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Runoff Control from Barnyards and Feedlots

Introduction

Runoff management allows dairy farmers to direct rainwater and/or other runoff water away from their manure storage facilities and confined animal feeding areas. Benefits from runoff control include but are not limited to:

  • Avoidance of stream pollution by phosphorus and other potential pollutants
  • Reduced manure storage
  • Reduced costs related to manure handling and land application
  • Improved animal health through reducing food disease and other ailments

Managing Runoff

Careful planning, to determine the location and size of the barnyard/feedlot, helps to minimize the risk of water entering the barnyard/feedlot as well as the amount of water running off from a precipitation event and the potential for pollution. The barnyard/feedlot needs to be on a surface that can be cleaned so that manure may be removed. This limits the quantity of manure that could potentially be washed off. Providing a hard surface allows the cleaning operation to be done without forming pockets that can collect leachate or change the runoff flow.

The runoff water should be collected so that it can be stored or treated. If it is to be stored, gravity flow to an appropriately sized waste storage facility is preferred. If the runoff will be treated, pretreatment, by settling to remove most of the solids, and topography are suitable for improved barnyard/feedlot construction.

Various management practices are available to collect and/or treat the runoff from barnyards and feedlots. Water that comes in contact with animal manure must be handled as waste.

The following examples can keep water clean and prevent it from entering the barnyard/feedlot:

  • Roof gutters
  • Surface water diversions
  • Drip trenches

The following management practices can be used to divert runoff from roof gutters and paved areas away from animal areas:

  • Grass filter buffers
  • Sediment basins
  • Diversions
  • Subsurface drainage
  • Evaporative or shallow holding ponds in drier conditions.

A constructed wetland can trap any solids or other pollutants carried by runoff before being allowed to enter streams or other sensitive areas. Less water in the barnyard/feedlot decreases the velocity and carrying capacity of flows in the area, resulting in less detachment of manure particles.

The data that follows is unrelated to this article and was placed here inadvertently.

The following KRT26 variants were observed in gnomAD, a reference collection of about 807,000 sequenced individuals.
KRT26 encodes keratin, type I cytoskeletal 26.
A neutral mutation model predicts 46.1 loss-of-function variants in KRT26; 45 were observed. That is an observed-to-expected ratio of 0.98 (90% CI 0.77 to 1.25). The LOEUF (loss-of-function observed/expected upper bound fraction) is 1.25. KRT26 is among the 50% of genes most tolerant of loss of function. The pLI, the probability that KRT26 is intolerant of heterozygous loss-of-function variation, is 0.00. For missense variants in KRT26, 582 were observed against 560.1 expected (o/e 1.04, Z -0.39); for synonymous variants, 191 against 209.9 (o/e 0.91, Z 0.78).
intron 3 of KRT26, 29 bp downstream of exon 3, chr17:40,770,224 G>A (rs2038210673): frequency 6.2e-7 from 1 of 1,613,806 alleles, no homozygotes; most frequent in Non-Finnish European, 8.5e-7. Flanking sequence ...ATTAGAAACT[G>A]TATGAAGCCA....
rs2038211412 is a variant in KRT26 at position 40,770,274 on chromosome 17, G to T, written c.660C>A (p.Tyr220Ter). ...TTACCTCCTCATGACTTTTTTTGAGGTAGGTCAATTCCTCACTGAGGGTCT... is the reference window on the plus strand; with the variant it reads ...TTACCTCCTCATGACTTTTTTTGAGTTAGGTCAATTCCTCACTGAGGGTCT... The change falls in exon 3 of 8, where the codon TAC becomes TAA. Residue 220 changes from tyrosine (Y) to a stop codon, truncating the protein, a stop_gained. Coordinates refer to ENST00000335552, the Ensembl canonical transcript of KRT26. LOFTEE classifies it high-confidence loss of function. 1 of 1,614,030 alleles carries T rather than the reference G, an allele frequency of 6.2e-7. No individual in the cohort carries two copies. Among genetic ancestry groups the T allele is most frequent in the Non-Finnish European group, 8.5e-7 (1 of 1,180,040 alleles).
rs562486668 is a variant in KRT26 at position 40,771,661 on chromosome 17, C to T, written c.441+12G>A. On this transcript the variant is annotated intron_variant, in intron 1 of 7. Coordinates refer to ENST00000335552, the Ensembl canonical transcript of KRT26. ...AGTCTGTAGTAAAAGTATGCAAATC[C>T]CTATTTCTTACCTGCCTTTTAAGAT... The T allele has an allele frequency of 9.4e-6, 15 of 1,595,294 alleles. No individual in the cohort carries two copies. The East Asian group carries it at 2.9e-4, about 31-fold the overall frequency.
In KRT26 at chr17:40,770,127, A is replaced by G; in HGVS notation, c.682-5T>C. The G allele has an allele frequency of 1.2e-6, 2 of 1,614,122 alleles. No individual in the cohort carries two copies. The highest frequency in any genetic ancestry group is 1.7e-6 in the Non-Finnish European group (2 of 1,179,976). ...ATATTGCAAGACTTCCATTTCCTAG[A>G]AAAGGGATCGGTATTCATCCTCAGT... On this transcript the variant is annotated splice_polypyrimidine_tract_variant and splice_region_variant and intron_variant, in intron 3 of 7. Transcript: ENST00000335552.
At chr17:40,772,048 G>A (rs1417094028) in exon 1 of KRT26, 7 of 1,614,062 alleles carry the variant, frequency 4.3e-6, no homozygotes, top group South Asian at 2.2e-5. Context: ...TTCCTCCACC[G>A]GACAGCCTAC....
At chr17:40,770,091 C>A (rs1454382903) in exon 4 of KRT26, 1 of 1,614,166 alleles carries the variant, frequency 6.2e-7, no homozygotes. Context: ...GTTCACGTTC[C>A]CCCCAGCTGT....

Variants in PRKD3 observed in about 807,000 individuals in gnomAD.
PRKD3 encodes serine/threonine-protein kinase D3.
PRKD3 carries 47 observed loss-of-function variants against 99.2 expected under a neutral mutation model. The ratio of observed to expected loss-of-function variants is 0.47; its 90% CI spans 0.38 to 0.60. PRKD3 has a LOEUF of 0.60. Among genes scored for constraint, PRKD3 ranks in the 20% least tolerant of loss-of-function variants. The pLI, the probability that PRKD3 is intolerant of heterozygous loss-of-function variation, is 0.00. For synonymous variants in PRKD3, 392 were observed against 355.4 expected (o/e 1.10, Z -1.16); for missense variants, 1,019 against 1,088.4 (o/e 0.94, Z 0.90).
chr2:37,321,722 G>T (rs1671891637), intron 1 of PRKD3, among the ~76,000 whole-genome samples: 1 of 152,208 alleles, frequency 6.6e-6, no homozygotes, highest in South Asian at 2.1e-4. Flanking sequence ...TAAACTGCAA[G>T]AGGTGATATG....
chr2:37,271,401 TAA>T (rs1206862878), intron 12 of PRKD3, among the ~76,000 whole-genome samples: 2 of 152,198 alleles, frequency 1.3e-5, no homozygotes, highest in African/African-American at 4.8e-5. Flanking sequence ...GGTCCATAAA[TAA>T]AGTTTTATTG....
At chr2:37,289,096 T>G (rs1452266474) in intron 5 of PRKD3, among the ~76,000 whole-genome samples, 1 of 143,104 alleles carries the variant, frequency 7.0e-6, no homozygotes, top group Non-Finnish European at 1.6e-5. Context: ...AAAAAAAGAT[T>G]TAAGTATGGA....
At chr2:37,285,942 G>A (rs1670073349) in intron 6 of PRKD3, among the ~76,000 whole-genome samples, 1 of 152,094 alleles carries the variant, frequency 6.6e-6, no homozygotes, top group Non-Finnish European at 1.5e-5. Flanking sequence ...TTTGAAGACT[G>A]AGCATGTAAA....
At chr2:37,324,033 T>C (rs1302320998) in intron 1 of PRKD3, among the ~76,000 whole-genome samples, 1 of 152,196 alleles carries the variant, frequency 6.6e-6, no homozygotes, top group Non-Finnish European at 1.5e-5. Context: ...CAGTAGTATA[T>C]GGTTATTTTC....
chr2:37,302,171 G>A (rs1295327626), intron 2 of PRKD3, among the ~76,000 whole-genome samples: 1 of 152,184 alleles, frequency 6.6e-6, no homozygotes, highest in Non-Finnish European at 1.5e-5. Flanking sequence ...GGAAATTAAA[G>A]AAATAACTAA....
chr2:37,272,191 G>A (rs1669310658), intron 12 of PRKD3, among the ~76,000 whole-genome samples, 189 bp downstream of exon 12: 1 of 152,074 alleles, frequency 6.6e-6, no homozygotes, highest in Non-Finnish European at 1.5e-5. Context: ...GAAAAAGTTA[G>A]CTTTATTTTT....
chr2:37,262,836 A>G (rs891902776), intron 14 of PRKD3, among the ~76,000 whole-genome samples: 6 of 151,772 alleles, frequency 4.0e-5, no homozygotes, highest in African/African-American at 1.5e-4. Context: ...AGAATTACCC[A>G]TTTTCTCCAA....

Runoff settling basin

Runoff settling basin

Less flow also slows the water, which can allow manure particles to settle where a sediment trap is designed into the runoff management system.

As a result of installing BMPs to reduce runoff, the feedlots and loafing areas will be drier, allowing farmers to manage their daily operations more easily. Animal health can improve due to reduced foot disease and other ailments.

Note Proper runoff management can result in:

  • Avoidance of stream pollution by phosphorus and other potential pollutants.
  • Reduced manure storage.
  • Reduced costs related to manure handling and land application.
  • Improved animal health through reducing food disease and other ailments.

Roof gutters, surface water diversions and drip trenches can keep water clean, and away from the barnyard.

Resources

Wright, P. Barnyard/Feedlot Runoff Management. Natural Resources Conservation Service. http://www.sera17.ext.vt.edu/Documents /BMP_barnyard_feedlot.pdf

USGS. 1998. Effectiveness of Barnyard Best Management Practices in Wisconsin. USGS Fact Sheet FS-051-98 http://wi.water.usgs.gov/pubs/FS-051-98/

Conservation Practices Minnesota Conservation Funding Guide. Feedlot Runoff Control System. http://www.mda.state.mn.us/protecting/conservation/practices/feedlotrunoff.aspx

Conservation Practices Minnesota Conservation Funding Guide . Roof Runoff Management. http://www.mda.state.mn.us/protecting/conservation/practices/roofrunoff.aspx

For more information visit www.umass.edu/cdl

Factsheets in this series were prepared by, Masoud Hashemi, Stephen Herbert, Carrie Chickering-Sears, Sarah Weis, Carlos Gradil, Steve Purdy, Mark Huyler, and Randy Prostak, in collaboration with Jacqui Carlevale.

This publication has been funded in part by the Massachusetts Department of Agricultural Resources and the Massachusetts Farm Bureau Federation, Inc.